To gain a better insight into this question, here, I consider a context where individuals possibly play two consecutive PGGs. Individuals have independent strategies in the two PGGs. However, their strategy in the first PGG determines the PGG they enter for the second round. This feature of the model has similarities with stochastic games^{46}, where individuals’ strategy can affect the game they play in future rounds. However, while in stochastic games, the future interaction occurs in the same context for all the individuals^{46}, here, I consider a situation where individuals may have different future interactions based on their strategies. I consider two different scenarios. In the first scenario, only first-round cooperators play a second PGG. In the second scenario, both first-round cooperators and first-round defectors are offered the chance to play a second PGG, but in different groups. In the first scenario, playing a second public good can be considered as a potential reward for cooperative behavior. This scenario is motivated by the observations that in many contexts, cooperation serves as a signal of merit^{9,37,38,47} or offers a high social status^{48,49,50} which can increase others’ willingness to interact with a cooperator. This can increase an individual’s chance of having future interaction, which I model by allowing a cooperator to enter a second PGG. However, in contrast to a certain reward for a cooperative act, the outcome of the second PGG can be positive or negative, depending on the groups’ ability to solve the second public goods dilemma, which I call a prosocial reward dilemma. Then, the question arises whether the community can solve a reward dilemma and if this can promote cooperation in the first PGG in the first place?

In the second scenario, I consider an assortative context where not only first-round cooperators, but both first-round cooperators and first-round defectors enter a second PGG, but in different groups. This scenario is motivated by many pieces of evidence of assortative behavior^{51,52}, such as breaking or forming ties^{53,54}, according to which individuals are more likely to interact with similar individuals, and can be considered as a context where both cooperative and defective behavior are rewarded, by, respectively, a prosocial and an antisocial reward dilemma. Importantly, in the model introduced here, the strategies of the individuals are independent in the two rounds. Thus, while it is noted that associativity can promote cooperation when individuals have the same strategy in different interactions - a fact which in a sense underlies many mechanisms for the evolution of cooperation such as network reciprocity, tag based mechanisms, group selection and kin selection - it is not clear whether assortativity of the interactions can play a positive role when individuals have a priori independent strategies in different interactions.

The analysis of the models show that cooperation evolves in both the presence of a reward dilemma and in the presence of assortative interaction. As the comparison of the two scenarios reveals, offering defectors the chance to play a second PGG, that is, an antisocial reward dilemma, can have a surprisingly positive impact on the evolution of cooperation. Interestingly, in an assortative context, in the course of evolution, individuals tend to develop consistent strategies in the two consecutive games. By increasing the likelihood that the benefit of a cooperative act is reaped by fellow cooperators, such a personality consistency, in turn, facilitates the evolution of cooperation. These findings shed new light on the evolution of consistent personalities^{45,55,56,57,58,59}, and shows how in an attempt to solve social dilemmas, evolution may have given rise to the evolution of consistent cooperative and defective personalities.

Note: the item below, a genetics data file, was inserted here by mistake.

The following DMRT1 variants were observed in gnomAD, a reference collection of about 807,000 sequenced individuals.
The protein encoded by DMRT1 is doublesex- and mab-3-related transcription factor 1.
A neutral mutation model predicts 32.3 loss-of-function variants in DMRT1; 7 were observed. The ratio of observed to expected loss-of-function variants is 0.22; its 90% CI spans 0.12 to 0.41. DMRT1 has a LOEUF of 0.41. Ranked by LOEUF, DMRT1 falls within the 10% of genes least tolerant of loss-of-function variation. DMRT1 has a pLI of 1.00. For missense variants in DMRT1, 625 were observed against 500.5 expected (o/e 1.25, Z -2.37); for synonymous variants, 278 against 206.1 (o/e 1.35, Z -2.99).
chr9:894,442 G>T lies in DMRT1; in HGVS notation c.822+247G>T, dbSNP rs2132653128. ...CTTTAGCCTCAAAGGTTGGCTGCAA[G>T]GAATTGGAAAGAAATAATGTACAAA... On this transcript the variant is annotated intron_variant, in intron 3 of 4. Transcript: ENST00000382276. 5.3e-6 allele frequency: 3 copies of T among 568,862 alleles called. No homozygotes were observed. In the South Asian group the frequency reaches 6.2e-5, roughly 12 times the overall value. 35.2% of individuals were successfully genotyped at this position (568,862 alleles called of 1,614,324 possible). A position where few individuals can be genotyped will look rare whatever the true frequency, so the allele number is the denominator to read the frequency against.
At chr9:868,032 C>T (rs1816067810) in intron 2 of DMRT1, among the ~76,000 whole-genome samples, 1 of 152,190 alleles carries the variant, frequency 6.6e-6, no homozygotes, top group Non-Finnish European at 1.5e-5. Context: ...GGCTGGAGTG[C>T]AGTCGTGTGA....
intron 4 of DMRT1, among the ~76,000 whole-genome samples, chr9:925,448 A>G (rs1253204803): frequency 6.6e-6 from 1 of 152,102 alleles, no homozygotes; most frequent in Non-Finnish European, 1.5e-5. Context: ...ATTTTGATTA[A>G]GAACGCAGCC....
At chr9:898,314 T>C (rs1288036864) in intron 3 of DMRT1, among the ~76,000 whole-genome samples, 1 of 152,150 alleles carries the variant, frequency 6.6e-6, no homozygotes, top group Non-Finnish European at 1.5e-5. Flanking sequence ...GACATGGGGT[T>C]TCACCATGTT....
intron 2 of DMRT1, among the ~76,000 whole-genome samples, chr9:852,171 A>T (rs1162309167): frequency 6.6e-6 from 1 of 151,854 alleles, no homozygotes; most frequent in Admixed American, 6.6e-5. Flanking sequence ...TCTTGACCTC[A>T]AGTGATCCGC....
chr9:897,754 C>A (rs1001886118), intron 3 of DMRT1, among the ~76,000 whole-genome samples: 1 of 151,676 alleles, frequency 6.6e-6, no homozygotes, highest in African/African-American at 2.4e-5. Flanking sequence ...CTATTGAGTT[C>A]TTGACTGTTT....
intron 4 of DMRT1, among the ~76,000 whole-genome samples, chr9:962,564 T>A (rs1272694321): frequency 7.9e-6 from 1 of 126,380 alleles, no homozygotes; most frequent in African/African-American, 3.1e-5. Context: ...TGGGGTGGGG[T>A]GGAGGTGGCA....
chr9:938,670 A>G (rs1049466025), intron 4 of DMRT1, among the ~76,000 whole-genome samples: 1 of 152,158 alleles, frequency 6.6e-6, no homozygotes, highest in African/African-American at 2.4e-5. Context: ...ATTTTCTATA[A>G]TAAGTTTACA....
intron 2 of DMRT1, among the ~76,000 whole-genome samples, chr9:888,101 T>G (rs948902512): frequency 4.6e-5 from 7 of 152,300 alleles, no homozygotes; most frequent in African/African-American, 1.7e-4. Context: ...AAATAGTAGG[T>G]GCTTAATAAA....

## The model

In our model, in a well-mixed population of *N* individuals, groups of size *g* are randomly formed to play a PGG with enhancement factor \(r_1\), possibly followed by a second PGG with enhancement factor \(r_2\). That is, at each time step, the whole population is divided into *N*/*g* randomly formed groups. Strategies of the individuals in the second PGG are independent of the first PGG. Thus, there are four possible strategies: cooperation in both games (\(C_1C_2\)), cooperation in the first game and defection in the second one (\(C_1D_2\)), defection in the first and cooperation in the second game (\(D_1C_2\)), and finally, defection in both games (\(D_1D_2\)). I consider two different scenarios. In the first scenario, called a (prosocial) reward dilemma, while defection entails no more round of PGG, cooperation in the first game leads to the entrance to a second PGG. This scenario is consistent with a situation where cooperation serves as a signal of merit^{9,37,38,47} or offers a high social status^{48,49,50} which can increase others’ willingness to interact with a cooperator, and thus, the individual is permitted to enter an elite PGG. In the second scenario, called the assortative public goods game, all the individuals in the group proceed to play a second PGG. However, motivated by many pieces of evidence of assortative behavior^{51,52}, such as breaking or forming ties^{53,54}, I assume individuals are sorted based on their strategies in the first round, such that all the individuals who cooperate in the first round form a subgroup to play a PGG (which is called the cooperative or prosocial PGG), and all those who defect in the first round form a different subgroup to play their second PGG (which is called the defective or anti-social PGG). In this way, the corresponding PGG can be considered an assortative PGG, in which individuals are sorted based on their strategy in the first round.